This past weekend, P and I decided to get a leg up on Christmas shopping in town (that’s what they call “the city,” or the Honolulu/Waikiki area here). We decided to stay in the area afterward and try someplace new for dinner. I’m a member of Slow Food, and learned about Town through the Oahu chapter’s website. Town is a restaurant that serves food grown from local farms around the island, supporting the slow food movement, from farm to table. It promotes sustainability on a local level and has a menu that changes daily. Meaning: your food is farm-fresh, not frozen and flown in from hundreds of miles away. My cup of tea.
Town is located in Kaimuki, southeast of Honolulu. After some shopping, P and I got hungry pretty early and arrived at the restaurant about 5:20pm. It opens for dinner at 5:30pm so we hung out at the front of the restaurant for a few minutes, and looked at the menu they had up from the day before (pictured above). Town is a cute and trendy place, kind of reminiscent to us of a small San Francisco or New York eatery, with metal tables and chairs, modern and minimalistic decor. The outside of the restaurant was lined with bougainvilleas, which always adds a charming touch.
I noticed that on the menu for the previous day, there was a bottarga pasta. Now, I’ve only heard of bottarga from an Anthony Bourdain “No Reservations” episode where he shared it with his wife and family in Sardinia. It’s basically fish roe (eggs) that’s been dried and cured. Naturally, I like to try everything at least once, so was intrigued by it. I asked the server where they got it from (because Sardinia is a far away place from Hawaii) and surprisingly, the chef makes their own bottarga in their restaurant out of ahi tuna! Now if that isn’t a mark of local, slow food, I don’t know what is. Sad to say, it wasn’t on the menu the day we went, but I’m sure this won’t be the only time we’d be eating here.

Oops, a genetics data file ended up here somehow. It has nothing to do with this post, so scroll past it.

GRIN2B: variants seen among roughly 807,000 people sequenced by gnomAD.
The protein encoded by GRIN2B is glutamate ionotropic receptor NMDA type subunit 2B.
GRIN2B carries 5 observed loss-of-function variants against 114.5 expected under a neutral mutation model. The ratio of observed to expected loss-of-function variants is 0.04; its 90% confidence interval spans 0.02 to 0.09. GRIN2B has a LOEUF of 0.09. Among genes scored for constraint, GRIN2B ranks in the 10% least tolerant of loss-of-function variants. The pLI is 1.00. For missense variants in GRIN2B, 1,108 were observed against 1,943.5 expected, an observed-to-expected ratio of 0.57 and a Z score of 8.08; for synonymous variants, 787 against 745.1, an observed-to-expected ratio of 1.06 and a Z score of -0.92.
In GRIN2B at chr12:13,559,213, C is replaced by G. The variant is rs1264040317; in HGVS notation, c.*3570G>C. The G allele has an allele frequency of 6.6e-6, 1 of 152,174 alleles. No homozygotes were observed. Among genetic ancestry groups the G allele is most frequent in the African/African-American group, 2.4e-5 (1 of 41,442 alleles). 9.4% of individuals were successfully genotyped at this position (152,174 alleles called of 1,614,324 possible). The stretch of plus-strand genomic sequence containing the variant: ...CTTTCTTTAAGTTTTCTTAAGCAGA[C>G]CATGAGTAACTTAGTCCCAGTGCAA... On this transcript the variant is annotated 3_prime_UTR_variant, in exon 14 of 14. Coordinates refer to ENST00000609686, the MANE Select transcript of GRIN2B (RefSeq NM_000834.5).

Anyways, on to the food. P and I started off with some house-made bread that was served with nicoise olives and butter. (Sorry, I didn’t take pictures of the bread and olives, nor the dessert, because we just dove right in). I’m usually very picky with olives (I despise them most of the time), but was pretty surprised to taste a fruity, tart olive that wasn’t too briny. Delicious.
Next up came the salad that we shared. Roasted, sweet beets, sections of orange, fried chickpeas, fresh farm goat cheese, cucumber, and sharp arugula dressed in a light vinaigrette. Wonderful balance of flavors and a refreshing way to start out a meal. Our server also informed us that all our vegetables were not only local, but organic too. We definitely felt good about this choice.
This is what I got – home made, hand-cut pasta, with mussels, prawns, squid, and tomatoes in a light saffron and tomato broth. This was served in a right-sized bowl. I couldn’t get over the texture of the pasta! It was divinely light and chewy, and the seafood was cooked perfectly. If “town” is able to deliver fresh, hand-cut pasta to my door, let me be the first recipient!
Here’s P’s dish. Slow-roasted pork shoulder stuffed with fennel and other fresh herbs, served alongside a pool of creamy polenta and fresh kale and collard greens. So simple, yet so delicious. Let me just say that all he had to do was stick his fork in the meat and it fell apart. That’s how tender it was. The end.
And oh, I forgot. We usually never order dessert, but since everything we had for dinner was all so good, we wanted to try it out. We ordered the “miel and honey” panna cotta, served with starfruit and drizzled with honey from Waimanalo Farms. I wish I had taken a picture of it, but we both stuck our spoons in it before I remembered to take one. Let me just say it was both light and creamy at the same time, and wasn’t too sweet with the drizzle of honey. Perfect way to end a meal.
3435 Waialae Avenue
Kaimuki, Hawaii 96816